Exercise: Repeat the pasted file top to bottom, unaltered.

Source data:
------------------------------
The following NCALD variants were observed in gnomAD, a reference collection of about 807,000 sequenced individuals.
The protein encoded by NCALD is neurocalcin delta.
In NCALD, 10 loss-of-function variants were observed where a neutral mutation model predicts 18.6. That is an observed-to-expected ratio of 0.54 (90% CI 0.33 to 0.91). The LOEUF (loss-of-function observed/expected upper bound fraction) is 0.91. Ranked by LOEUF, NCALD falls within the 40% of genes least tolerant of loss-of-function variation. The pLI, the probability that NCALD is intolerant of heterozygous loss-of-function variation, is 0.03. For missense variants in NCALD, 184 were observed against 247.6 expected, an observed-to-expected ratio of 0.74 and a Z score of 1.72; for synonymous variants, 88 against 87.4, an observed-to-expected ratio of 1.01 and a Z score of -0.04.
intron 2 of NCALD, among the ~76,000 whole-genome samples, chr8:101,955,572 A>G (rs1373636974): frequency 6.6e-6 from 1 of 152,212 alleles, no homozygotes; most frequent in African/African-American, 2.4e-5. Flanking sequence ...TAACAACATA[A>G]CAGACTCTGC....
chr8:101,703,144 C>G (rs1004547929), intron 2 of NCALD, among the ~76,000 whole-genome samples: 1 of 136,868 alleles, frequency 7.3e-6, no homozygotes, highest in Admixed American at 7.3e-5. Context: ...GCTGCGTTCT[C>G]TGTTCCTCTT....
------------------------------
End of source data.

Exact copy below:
The following NCALD variants were observed in gnomAD, a reference collection of about 807,000 sequenced individuals.
The protein encoded by NCALD is neurocalcin delta.
In NCALD, 10 loss-of-function variants were observed where a neutral mutation model predicts 18.6. That is an observed-to-expected ratio of 0.54 (90% CI 0.33 to 0.91). The LOEUF (loss-of-function observed/expected upper bound fraction) is 0.91. Ranked by LOEUF, NCALD falls within the 40% of genes least tolerant of loss-of-function variation. The pLI, the probability that NCALD is intolerant of heterozygous loss-of-function variation, is 0.03. For missense variants in NCALD, 184 were observed against 247.6 expected, an observed-to-expected ratio of 0.74 and a Z score of 1.72; for synonymous variants, 88 against 87.4, an observed-to-expected ratio of 1.01 and a Z score of -0.04.
intron 2 of NCALD, among the ~76,000 whole-genome samples, chr8:101,955,572 A>G (rs1373636974): frequency 6.6e-6 from 1 of 152,212 alleles, no homozygotes; most frequent in African/African-American, 2.4e-5. Flanking sequence ...TAACAACATA[A>G]CAGACTCTGC....
chr8:101,703,144 C>G (rs1004547929), intron 2 of NCALD, among the ~76,000 whole-genome samples: 1 of 136,868 alleles, frequency 7.3e-6, no homozygotes, highest in Admixed American at 7.3e-5. Context: ...GCTGCGTTCT[C>G]TGTTCCTCTT....